Feeling Lucky in Japan.

Japan is a land filled with spiritual mystery. One example is how almost every shrine or temple in Japan has a booth selling “omamori”. They are amulets believed to be endowed with divine power. Each talisman has a different effect and there are MANY of them. They come in all kinds of forms and sizes which people attach to keys, cellphones, school bags, hand bags or anywhere else. They are most popular during new years and during school exams. Omamori started when Buddhist and Shinto priests thought it would be a good idea to put the power of the gods into small pocket sized blessings. Initially it was to ward off evil spirits but later it grew to include a variety of different effects.

Here is a list of a few omamori you are likely to find.

Ward off evil spirits

Success in your goals

JAPANESE-OMAMORI-Charm-Good-luck-Love-Romance-from-Japan-Shrine

Romance

Academic Success

JAPANESE-OMAMORI-Good-luck-charm-Phoenix

General good luck

JAPANESE-OMAMORI-Charm-Card-Good-luck-For-Good-Business-from-Japan-Shrine

Good business

Protection from traffic accidents

kt1040-JapanESE-OMAMORI-Charm-For-safe-delivery-ANZAN-KIGAN-SHIRASAKI-Hachiman

For successful delivery of your baby

These are but a tiny sliver of all the available options, there are literally thousands of different ones. Some of the stranger ones include: flight safety (For those with a fear of flying), sexual health, beauty (specific ones for beautiful legs, eyes, skins and also anti-aging) and even a technology talisman offering divine help for your IT problems.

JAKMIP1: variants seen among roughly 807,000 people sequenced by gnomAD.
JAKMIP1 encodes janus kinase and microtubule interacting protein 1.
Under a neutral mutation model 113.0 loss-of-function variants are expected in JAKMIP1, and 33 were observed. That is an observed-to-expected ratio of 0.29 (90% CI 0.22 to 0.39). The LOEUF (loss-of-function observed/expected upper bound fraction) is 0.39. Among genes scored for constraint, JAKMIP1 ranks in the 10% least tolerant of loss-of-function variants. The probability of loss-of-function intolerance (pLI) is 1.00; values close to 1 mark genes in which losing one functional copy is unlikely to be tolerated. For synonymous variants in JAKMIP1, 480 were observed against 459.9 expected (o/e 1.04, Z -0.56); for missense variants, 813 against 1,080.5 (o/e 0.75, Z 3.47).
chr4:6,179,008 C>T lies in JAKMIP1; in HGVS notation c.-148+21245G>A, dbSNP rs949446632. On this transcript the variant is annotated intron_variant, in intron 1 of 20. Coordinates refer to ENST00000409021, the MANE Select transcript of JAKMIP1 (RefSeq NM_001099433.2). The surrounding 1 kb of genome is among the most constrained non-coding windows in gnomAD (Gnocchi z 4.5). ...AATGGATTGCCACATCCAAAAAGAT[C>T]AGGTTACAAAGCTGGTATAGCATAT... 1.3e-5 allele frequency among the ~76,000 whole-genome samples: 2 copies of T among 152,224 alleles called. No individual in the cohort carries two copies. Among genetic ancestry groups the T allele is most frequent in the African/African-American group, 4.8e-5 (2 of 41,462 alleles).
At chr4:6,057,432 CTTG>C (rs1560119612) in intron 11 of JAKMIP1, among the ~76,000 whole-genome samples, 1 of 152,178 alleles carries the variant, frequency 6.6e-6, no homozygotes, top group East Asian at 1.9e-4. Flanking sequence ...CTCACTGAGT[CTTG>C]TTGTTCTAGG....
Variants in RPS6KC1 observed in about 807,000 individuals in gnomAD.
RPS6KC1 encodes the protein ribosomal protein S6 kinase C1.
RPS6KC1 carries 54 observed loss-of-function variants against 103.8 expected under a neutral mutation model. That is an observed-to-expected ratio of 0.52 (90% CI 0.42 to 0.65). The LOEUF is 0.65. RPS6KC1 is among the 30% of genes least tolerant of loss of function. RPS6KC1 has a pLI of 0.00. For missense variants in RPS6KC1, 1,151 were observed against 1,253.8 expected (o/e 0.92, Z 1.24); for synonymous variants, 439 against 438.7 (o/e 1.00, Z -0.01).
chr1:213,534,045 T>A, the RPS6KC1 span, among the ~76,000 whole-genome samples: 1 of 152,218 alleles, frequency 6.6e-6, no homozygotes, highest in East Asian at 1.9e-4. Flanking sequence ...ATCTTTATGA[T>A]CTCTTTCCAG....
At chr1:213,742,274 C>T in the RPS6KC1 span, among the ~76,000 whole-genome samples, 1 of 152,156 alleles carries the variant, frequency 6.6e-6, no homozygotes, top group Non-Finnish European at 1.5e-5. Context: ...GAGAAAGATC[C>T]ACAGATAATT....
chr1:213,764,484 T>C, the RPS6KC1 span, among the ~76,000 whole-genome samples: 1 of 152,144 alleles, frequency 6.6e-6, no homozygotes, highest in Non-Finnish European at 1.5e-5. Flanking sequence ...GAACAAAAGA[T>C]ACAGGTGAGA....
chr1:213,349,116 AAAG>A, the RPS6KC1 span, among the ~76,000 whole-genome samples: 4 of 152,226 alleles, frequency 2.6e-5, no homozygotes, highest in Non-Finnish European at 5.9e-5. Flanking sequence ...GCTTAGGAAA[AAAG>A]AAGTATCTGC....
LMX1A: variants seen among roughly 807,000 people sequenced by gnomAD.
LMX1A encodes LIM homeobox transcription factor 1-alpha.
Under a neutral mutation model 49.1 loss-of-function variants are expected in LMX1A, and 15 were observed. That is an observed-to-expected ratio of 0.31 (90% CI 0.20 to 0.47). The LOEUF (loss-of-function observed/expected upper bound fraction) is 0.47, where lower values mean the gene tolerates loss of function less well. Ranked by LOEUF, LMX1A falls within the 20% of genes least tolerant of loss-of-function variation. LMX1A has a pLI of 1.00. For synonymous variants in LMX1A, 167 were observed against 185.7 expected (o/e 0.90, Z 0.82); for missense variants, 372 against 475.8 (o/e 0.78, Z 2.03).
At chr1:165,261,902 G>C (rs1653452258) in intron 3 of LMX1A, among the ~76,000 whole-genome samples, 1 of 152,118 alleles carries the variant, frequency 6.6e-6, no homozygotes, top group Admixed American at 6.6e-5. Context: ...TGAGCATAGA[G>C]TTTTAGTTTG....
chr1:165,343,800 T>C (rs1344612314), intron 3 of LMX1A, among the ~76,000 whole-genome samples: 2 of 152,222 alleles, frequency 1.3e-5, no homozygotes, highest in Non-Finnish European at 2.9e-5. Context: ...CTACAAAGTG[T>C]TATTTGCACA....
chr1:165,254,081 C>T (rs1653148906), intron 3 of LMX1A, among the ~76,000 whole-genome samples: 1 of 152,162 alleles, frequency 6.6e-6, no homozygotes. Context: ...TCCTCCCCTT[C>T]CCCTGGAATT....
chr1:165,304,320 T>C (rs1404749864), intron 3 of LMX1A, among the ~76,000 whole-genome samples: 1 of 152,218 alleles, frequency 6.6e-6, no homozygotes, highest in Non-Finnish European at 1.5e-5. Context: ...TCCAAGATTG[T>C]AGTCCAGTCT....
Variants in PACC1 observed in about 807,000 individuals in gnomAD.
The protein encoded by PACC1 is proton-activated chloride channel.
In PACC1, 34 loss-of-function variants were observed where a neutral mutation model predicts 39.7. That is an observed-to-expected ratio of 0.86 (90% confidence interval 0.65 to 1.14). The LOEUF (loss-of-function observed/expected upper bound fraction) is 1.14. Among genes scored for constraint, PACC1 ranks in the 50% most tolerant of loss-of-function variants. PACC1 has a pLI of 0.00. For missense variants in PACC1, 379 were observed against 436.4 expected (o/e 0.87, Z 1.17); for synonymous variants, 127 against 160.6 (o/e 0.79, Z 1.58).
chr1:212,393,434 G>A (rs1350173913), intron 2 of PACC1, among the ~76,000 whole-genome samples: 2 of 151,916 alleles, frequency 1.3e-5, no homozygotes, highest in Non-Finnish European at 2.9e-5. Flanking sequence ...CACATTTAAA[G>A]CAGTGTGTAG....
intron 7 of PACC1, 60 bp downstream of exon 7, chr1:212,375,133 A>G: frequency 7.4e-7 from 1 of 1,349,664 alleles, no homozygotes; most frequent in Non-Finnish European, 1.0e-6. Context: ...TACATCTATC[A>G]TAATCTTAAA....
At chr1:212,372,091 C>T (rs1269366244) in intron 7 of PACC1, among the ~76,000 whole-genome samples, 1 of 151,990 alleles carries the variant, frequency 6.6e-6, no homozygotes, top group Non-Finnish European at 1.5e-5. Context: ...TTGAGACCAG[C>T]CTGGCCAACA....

Every charm has a expiry date, normally a year. At that point the charm needs to be taken to the shrine for the priest to burn in the fire. They do this because it is believed that the charm absorbs evil and needs to be purified in the temple by the priest. A new charm must then be purchased. It is also said that the charm must NEVER be opened. This will bring very bad luck and is considered disrespectful to the deity the charm represents.

I’ve been thinking about the theological implications of this practice. Where does a missionary even begin to apply the gospel in this area? Firstly, is there any direct Biblical guideline? Well, listen to this verse in Ezekiel 13:20.

“Therefore thus says the Lord GOD: Behold, I am against your magic bands with which you hunt the souls like birds, and I will tear them from your arms, and I will let the souls whom you hunt go free, the souls like birds”.

Firstly notice that God says he is against magic bands. God is against it because it is an attack on His sovereign rule. Trusting in amulets and charms is basically saying “I need more than what God can provide”. If we believe the Bible to be true and hold to the fact that there is but one God who rules with justice and love then of course it would be dishonoring to seek power or help elsewhere. Secondly God says that those participating in the use of magic bands are ensnared and need to be set free. How does magic bands ensnare? By trapping you into hoping and trusting in something that never truly delivers. It makes you live in a cage of superstitious fear, taking your chances without ever knowing if you are truly at peace. It feeds on mystery, luck and the possibility of a better life.

Jesus gives us a far better promise, the promise of true salvation and living water that will eternally satisfy. He sets the captive free and causes them to live in His forgiveness, with a knowledge of God and his will. They are given purpose, strength, help, blessing and security. Not through a mysterious object, but by God Himself.

God is our refuge and strength, a very present help in trouble. Psalm 46:1

We long to share this good news with the Japanese people who Jesus loves and died for.

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